Managing River Fish Biodiversity Generates Substantial Economic Benefits in Four European Countries

  • Carsten RiepeEmail author
  • Jürgen Meyerhoff
  • Marie Fujitani
  • Øystein Aas
  • Johannes Radinger
  • Sophia Kochalski
  • Robert Arlinghaus


Ecosystems and biodiversity produce benefits to society, but many of them are hard to quantify. For example, it is unclear whether European societies gain benefits from experiencing rivers that host high native biodiversity. Without such knowledge, monetary investments into ecologically oriented river management plans are difficult to justify. The objective of this study was to reveal how the public in four European countries values ecological characteristics of domestic rivers and the outcomes of hypothetical river basin management plans designed to improve river ecosystems, particularly fish biodiversity. We conducted a choice experiment among the populations in Norway, Sweden, Germany, and France. We found similar preference structures in all countries with high marginal willingness-to-pay for improvements of abiotic river attributes (increased accessiblity of the river banks, improved bathing water quality, decreased river fragmentation). Citizens also benefited from certain fish species occurring in a river with native salmonid species being more valued than nonnatives, particularly in Norway, and from the degree of a river’s native biodiversity. Welfare measures calculated for selected river basin management plans (policy scenarios) revealed societal benefits that were primarily derived from ecological river management whereas a scenario focusing on hydroelectricity production generated the lowest utility. We conclude that ecological river management may produce high nonmarket economic benefits in all study countries, particularly through the management of abiotic river attributes and the restoration of declining or extinct fish species. Our results help to inform decisions on restoration efforts by showcasing the benefits that these measures have for the public.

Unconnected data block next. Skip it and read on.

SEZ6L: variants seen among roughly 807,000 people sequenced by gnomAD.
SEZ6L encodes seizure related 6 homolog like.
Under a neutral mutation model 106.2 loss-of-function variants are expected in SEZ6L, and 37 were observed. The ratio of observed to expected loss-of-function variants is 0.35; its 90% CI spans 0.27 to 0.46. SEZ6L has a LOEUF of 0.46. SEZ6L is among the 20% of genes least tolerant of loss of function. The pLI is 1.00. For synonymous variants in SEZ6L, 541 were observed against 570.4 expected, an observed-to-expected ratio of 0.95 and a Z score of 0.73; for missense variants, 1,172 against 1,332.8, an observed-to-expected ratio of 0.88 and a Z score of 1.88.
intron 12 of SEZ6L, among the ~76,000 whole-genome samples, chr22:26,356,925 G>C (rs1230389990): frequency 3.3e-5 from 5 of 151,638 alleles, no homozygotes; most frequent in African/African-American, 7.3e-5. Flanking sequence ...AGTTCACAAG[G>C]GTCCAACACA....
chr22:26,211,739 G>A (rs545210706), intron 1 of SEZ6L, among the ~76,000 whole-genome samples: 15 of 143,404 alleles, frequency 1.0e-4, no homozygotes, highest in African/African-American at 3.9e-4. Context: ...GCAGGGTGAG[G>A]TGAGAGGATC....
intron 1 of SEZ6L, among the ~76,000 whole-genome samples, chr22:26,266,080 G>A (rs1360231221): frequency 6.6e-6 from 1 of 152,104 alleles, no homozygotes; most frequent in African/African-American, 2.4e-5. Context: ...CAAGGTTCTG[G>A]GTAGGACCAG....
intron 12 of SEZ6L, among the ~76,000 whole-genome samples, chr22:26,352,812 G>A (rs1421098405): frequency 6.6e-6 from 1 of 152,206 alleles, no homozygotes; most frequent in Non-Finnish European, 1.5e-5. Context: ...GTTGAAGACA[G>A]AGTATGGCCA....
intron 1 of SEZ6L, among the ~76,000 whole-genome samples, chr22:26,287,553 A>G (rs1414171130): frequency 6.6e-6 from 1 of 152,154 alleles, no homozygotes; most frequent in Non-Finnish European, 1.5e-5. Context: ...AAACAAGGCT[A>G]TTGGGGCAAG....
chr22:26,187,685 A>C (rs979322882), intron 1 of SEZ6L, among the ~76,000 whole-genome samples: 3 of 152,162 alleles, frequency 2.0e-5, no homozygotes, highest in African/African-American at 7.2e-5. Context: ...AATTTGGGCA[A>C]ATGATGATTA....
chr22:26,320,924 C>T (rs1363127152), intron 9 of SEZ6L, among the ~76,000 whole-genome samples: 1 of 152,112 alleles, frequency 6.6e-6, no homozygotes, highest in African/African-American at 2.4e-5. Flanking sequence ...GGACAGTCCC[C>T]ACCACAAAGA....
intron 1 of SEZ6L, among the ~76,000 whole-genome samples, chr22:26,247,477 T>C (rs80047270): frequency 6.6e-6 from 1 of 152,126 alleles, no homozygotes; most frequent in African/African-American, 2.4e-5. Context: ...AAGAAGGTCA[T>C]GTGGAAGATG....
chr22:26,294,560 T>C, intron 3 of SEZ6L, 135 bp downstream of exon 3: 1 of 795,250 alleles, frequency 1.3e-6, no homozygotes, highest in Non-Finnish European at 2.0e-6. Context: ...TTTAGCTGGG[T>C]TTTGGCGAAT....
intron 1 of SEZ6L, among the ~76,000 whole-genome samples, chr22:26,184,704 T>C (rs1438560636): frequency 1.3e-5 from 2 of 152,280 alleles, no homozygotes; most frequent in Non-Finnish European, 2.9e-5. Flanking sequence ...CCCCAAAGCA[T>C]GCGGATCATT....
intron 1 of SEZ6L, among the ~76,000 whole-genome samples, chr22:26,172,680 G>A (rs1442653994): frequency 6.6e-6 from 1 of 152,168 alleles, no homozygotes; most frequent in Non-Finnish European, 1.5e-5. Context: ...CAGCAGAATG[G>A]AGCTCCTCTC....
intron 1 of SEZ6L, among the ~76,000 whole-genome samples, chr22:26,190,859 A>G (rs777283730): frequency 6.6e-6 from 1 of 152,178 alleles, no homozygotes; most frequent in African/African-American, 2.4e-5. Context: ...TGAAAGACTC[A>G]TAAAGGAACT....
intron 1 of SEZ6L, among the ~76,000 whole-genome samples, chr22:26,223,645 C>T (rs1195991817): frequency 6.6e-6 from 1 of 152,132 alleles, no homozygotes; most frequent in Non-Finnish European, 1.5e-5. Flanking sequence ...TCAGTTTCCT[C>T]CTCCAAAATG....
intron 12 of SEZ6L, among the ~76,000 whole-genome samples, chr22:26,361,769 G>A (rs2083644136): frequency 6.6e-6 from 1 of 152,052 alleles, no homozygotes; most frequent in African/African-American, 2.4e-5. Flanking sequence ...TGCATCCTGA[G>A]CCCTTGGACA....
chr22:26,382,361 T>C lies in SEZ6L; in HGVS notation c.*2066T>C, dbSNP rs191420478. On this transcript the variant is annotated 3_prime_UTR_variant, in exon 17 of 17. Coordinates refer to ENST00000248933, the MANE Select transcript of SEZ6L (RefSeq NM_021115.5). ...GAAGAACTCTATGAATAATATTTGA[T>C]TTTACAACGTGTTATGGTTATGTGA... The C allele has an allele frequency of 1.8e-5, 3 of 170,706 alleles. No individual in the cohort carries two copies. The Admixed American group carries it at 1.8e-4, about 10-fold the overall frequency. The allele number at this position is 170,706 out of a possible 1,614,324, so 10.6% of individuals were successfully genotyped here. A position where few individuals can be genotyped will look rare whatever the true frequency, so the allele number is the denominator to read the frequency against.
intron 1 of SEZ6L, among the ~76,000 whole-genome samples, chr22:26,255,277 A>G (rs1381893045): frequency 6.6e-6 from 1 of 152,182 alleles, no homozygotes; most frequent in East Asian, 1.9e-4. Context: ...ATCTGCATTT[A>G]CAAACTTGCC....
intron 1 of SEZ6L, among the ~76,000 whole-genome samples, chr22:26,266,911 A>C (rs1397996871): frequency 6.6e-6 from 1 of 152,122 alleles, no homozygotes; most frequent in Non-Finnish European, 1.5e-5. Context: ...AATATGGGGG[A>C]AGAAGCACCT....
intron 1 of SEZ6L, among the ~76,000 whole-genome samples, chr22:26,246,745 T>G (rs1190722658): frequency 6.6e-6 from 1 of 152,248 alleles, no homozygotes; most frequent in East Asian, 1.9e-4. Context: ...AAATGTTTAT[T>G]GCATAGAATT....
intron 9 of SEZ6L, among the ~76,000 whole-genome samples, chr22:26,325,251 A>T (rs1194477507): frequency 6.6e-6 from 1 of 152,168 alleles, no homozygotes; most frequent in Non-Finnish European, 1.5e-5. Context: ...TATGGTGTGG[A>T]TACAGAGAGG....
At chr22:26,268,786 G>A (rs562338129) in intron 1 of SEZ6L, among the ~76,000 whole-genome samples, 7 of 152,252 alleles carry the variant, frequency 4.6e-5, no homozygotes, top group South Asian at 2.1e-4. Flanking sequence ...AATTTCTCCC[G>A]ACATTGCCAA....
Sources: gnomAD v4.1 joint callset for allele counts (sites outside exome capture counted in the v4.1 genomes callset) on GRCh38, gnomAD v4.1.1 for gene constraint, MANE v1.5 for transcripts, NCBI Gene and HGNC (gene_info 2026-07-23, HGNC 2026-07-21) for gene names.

Choice experiment Economic values River basin management plan River fish conservation Native biodiversity Hydropower dams 



This study was funded by the German Research Foundation (DFG; grant to R.A., number AR 712/4-1) within the project SalmoInvade in the BiodivERsA 2012-2013 Pan-European call (supported by the EU’s Horizon 2020 research and innovation program). R.A. also received funding from the German Federal Ministry of Education and Research (BMBF) within the project Besatzfisch (grant number 01UU0907) in the Programme for Social-Ecological Research and through the EU’s Horizon 2020 program under the Marie Sklodowska-Curie grant agreement (No 642893). We are grateful to Ulf Liebe, Julian Sagebiel, Wolfgang Bandilla, Michael Braun and to our colleagues at Leibniz-Institute of Freshwater Ecology and Inland Fisheries and Humboldt-Universität zu Berlin for insightful comments on the study concept and data interpretation. We would also like to thank Dorothée Behr, Julien Cucherousset, Jörgen Johnsson, Kjetil Hindar, all other members of the SalmoInvade project and the team of Language Connect for assisting with the translation of the questionnaire and for discussing its content. Special thanks go to Frederik Funke, Marco Reich, Alexandra Wachenfeld and all others at LINK, forsa, and Norstat for collecting the data and to all study participants for their kind cooperation.

Compliance with Ethical Standards

Conflict of Interest

The authors declare that they have no conflict of interest.

Ethical Approval

All procedures in this study involving human participants were conducted according to the ethical standards of the German Research Foundation (DFG) and in compliance with national data protection acts.


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Copyright information

© Springer Science+Business Media, LLC, part of Springer Nature 2019

Authors and Affiliations

  • Carsten Riepe
    • 1
    Email author
  • Jürgen Meyerhoff
    • 2
  • Marie Fujitani
    • 1
    • 3
  • Øystein Aas
    • 4
    • 5
  • Johannes Radinger
    • 1
    • 6
  • Sophia Kochalski
    • 1
  • Robert Arlinghaus
    • 1
    • 7
  1. 1.Department of Biology and Ecology of FishesLeibniz-Institute of Freshwater Ecology and Inland FisheriesBerlinGermany
  2. 2.Institute for Landscape Architecture and Environmental PlanningTechnische Universität BerlinBerlinGermany
  3. 3.Institutional and Behavioral Economics Working Group, Leibniz-Centre for Tropical Marine Research (ZMT)BremenGermany
  4. 4.Norwegian Institute for Nature Research, FakkelgardenLillehammerNorway
  5. 5.Faculty of Biosciences and Natural Resource ManagementNorwegian University of Life SciencesÅsNorway
  6. 6.GRECO, Institute of Aquatic Ecology, University of Girona, M. Aurèlia CapmanyGironaSpain
  7. 7.Division of Integrative Fisheries Management, Albrecht-Daniel-Thaer-Institute of Agriculture and Horticulture & Integrative Research Institute for the Transformation of Human-Environment SystemsFaculty of Life Sciences Humboldt-Universität zuBerlinGermany

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